A strange thing happened to me recently. Actually, it happened to 1WineDude.com, not to me. And yes, I mean stranger than the normal level if strange on this blog.
I agreed to contribute content to a platform that I can’t really access and probably won’t use.
Specifically, I’ve let Hello Vino, the popular wine recommendation mobile phone application, have access to my wine reviews.
I’m part of a larger group whose reviews / recommendations are now appearing in Hello Vino.
It all feels a bit odd, since currently I don’t own a phone capable of running the app., and in general I don’t use quick wine recommendations (printed or otherwise) when shopping for wine at the store (I usually talk to the store employees about the available wines instead).
However, I was (quickly) convinced by the (compelling) arguments of others that having access to some of my reviews and recommendations would be valuable for the (many, many, many) folks who don’t think and act the way that I do (i.e., a nice way of saying that they are sane and normal and I’m, well, not quite normal)…
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The International Malbec Days Festival (May 20th-23rd, 2010 in Cahors, France) is now behind us. Let’s take the Good, Bad and (in some cases, the very) Ugly of the festival, in reverse order:
The Ugly: Event Coordination and “Wines that Smell of Donkey Poop”
Organizing and executing a wine industry event the size of the International Malbec Days Festival, one that lasts several days and brings together well over 150 people from a dozen or so countries, is undoubtedly a Herculean undertaking, and one in which the organizers almost failed miserably. The 2010 version, at turns, bordered on chaos.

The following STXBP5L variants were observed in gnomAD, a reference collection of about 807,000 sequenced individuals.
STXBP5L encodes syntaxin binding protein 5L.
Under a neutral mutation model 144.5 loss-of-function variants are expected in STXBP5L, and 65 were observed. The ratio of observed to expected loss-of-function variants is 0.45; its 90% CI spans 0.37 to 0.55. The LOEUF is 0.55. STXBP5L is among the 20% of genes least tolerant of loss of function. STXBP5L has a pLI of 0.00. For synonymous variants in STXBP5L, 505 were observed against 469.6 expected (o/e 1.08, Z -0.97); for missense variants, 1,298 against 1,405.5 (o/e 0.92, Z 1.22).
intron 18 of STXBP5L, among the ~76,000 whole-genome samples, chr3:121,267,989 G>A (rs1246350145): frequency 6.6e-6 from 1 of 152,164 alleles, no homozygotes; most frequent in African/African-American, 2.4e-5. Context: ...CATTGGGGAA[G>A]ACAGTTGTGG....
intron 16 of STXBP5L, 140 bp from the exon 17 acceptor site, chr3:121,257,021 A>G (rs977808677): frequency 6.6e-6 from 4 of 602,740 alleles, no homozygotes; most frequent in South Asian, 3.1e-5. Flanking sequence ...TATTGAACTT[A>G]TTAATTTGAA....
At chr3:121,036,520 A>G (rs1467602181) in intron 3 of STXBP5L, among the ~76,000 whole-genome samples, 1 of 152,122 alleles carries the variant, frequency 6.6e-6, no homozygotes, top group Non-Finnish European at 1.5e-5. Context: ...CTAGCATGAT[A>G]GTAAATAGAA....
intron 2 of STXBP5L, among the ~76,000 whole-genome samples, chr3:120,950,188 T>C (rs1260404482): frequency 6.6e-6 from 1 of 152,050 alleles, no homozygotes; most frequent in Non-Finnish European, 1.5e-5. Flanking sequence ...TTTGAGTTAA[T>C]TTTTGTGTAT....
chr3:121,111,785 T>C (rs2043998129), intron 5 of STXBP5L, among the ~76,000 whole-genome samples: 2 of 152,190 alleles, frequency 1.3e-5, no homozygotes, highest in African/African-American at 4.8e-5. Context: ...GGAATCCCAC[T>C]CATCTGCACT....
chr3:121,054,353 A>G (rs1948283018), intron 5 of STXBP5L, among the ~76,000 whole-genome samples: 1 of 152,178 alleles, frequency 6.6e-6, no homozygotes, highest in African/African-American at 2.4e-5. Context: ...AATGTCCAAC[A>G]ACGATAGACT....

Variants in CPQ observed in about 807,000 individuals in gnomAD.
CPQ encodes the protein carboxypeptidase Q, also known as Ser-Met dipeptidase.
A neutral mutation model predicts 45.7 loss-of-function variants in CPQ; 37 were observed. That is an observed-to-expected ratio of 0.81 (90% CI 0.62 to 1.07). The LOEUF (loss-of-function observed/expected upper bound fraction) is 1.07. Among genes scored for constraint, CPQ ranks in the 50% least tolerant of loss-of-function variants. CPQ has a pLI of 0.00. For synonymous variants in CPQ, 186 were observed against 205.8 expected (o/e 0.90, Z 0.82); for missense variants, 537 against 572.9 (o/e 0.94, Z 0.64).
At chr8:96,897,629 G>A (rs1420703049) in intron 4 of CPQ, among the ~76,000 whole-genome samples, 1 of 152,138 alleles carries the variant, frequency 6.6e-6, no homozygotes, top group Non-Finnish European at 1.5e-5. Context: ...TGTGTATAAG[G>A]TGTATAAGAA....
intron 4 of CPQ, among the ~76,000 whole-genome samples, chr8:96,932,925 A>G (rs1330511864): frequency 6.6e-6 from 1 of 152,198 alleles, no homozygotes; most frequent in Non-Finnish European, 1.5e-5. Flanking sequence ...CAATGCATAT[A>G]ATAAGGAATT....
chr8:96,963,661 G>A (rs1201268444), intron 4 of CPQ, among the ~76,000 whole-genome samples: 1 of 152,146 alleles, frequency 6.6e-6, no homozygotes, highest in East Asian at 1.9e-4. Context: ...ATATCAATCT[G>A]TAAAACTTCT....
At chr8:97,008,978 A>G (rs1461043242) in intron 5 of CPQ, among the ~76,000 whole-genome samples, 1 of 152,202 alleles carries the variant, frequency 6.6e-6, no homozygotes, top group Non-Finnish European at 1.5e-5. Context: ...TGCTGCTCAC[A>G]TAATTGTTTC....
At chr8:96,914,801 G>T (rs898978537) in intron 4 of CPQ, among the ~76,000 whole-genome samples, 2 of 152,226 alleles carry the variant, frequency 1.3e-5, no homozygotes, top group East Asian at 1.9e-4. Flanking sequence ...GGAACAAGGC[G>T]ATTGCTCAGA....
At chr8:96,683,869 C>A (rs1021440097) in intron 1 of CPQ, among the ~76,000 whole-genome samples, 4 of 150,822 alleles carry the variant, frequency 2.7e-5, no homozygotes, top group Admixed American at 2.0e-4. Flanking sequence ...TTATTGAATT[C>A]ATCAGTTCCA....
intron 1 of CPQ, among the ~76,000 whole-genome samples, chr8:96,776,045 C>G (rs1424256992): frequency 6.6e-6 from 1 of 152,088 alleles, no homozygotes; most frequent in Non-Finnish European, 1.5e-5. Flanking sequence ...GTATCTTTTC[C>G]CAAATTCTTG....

This wasn’t great for the wines, either, as Tannic and high-alcohol Malbecs were served in a meeting space that was easily over 80F, depriving even the best from showing themselves gracefully. The execution against our schedule was poor enough that it became a distraction, as essential personnel (e.g., those organizing the various groups of participants from hotels to the various events) by and large were given little (and in some cases, no) information needed to do their jobs. At one point, our bus driver got lost in the 2km distance between the airport and our hotel for the final evening – and he was using a GPS system.
Score one for French logistics – that is, if the purpose is to distract you from being able to adequately work and instead is trying to break your will. I felt bad for our handlers, who were trying to do an impossible job with almost no help from their superiors (I encouraged them to totally dookie sock their bosses, but they didn’t seem too keen on the idea) .
Speaking of dookie: as for the Ugly when it comes to the wines, a not-insubstantial portion of the Cahors Malbecs on display at the event were quite bretty – and not in a “smells kind of like bacon” charming way; they were bretty in a “did I just step in some donkey poop?” way. Which leads us to…
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